Church leaders should take seriously reasons why Catholics have left the church, advises a priest who conducted an exit poll\ of former Catholics.

Their departure highlights how the church must offer a “fresh explanation of the Eucharist,” said Jesuit Father William Byron, professor of business and society at St. Joseph’s University in Philadelphia.

“This calls for a creative liturgical, pastoral, doctrinal and practical response,” he said, to help Catholics understand what the Sunday Mass obligation is really about and what they’re missing when they leave.

The number of Catholics who have left the church represents one-third of those raised Catholic.

Respondents cited disagreements with the church’s stance on women’s ordination, married priests, contraception and same-sex marriage.

Other issues included dissatisfaction with homilies and negative clergy image. Some wanted their bishop to apologize for the clergy abuse scandal; others said they wanted to hear fewer appeals for money and more about care for the poor.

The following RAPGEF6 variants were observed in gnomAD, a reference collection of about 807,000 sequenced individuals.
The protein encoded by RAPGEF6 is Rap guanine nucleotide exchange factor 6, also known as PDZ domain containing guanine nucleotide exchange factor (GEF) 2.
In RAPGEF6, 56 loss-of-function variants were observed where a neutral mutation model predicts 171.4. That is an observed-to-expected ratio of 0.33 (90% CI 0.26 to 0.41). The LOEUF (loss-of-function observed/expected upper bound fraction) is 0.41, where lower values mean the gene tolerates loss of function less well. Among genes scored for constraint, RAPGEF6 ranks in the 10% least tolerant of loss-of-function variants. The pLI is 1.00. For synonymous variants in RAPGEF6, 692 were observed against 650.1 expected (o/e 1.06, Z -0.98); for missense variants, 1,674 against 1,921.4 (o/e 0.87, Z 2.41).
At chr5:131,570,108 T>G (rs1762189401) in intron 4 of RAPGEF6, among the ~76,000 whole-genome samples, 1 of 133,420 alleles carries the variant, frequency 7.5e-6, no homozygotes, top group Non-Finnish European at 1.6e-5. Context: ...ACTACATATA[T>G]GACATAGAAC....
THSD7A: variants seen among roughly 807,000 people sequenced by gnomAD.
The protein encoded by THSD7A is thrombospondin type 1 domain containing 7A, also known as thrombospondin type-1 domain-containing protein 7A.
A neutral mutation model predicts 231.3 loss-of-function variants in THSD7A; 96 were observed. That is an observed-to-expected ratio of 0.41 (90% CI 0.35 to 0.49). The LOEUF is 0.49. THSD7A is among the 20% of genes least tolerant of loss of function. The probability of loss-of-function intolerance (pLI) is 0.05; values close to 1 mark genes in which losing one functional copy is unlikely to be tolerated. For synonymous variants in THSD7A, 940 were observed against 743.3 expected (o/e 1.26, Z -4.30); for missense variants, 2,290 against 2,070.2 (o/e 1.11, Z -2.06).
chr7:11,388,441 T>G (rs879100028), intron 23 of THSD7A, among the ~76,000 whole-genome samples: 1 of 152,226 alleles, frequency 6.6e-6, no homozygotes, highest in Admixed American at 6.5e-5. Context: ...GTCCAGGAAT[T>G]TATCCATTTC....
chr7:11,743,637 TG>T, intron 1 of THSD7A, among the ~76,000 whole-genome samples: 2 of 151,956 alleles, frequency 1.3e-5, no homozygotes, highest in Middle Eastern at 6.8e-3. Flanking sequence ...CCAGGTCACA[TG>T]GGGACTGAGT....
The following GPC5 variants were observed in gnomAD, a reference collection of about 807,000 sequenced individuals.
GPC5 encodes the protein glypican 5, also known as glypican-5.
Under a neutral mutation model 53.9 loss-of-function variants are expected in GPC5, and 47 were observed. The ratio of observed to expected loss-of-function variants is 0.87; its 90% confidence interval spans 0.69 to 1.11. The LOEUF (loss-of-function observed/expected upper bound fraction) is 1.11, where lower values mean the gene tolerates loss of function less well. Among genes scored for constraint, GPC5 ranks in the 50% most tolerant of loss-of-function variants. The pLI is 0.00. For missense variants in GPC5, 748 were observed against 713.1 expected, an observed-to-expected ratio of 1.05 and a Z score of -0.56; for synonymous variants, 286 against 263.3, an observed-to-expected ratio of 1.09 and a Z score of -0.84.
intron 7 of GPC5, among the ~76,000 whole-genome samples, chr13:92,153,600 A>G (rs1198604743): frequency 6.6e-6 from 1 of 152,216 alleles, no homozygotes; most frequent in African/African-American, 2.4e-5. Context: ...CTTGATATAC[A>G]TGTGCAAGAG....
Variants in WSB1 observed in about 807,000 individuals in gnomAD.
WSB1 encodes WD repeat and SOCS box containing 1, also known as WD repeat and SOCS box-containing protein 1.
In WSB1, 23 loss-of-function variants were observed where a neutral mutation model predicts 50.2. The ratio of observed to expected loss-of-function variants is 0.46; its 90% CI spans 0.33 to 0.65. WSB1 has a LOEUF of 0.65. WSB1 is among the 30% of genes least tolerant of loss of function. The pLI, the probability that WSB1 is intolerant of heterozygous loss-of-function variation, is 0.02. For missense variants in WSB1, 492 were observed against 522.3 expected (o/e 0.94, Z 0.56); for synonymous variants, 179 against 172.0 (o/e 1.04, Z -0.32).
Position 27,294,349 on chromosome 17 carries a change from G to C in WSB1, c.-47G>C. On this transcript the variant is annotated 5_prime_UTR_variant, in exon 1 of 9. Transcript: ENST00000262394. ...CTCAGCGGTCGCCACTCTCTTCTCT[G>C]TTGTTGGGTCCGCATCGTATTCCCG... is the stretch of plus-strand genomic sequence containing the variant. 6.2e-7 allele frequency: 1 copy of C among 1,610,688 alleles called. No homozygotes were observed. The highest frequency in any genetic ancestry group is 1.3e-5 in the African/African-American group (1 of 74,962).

Overall, most said they left the parish and the Catholic Church and were ambivalent if their departure was a conscious decision or not.
Many had positive reactions about their parish, saying the staff was welcoming and the pastor approachable for the most part. They also considered themselves members of the parish, but some were disheartened that they had not been missed when they left.
Most did not have a bad experience with the church and did not join another faith community.

In the 1940s and ‘50s, between 70 percent to 80 percent of Catholics attended Sunday Mass; now that figure is about 31 percent.
The trend in recent years of young people leaving the church has been coupled with the idea that they would return once they had families of their own. “That’s not necessarily so anymore,” researchers said.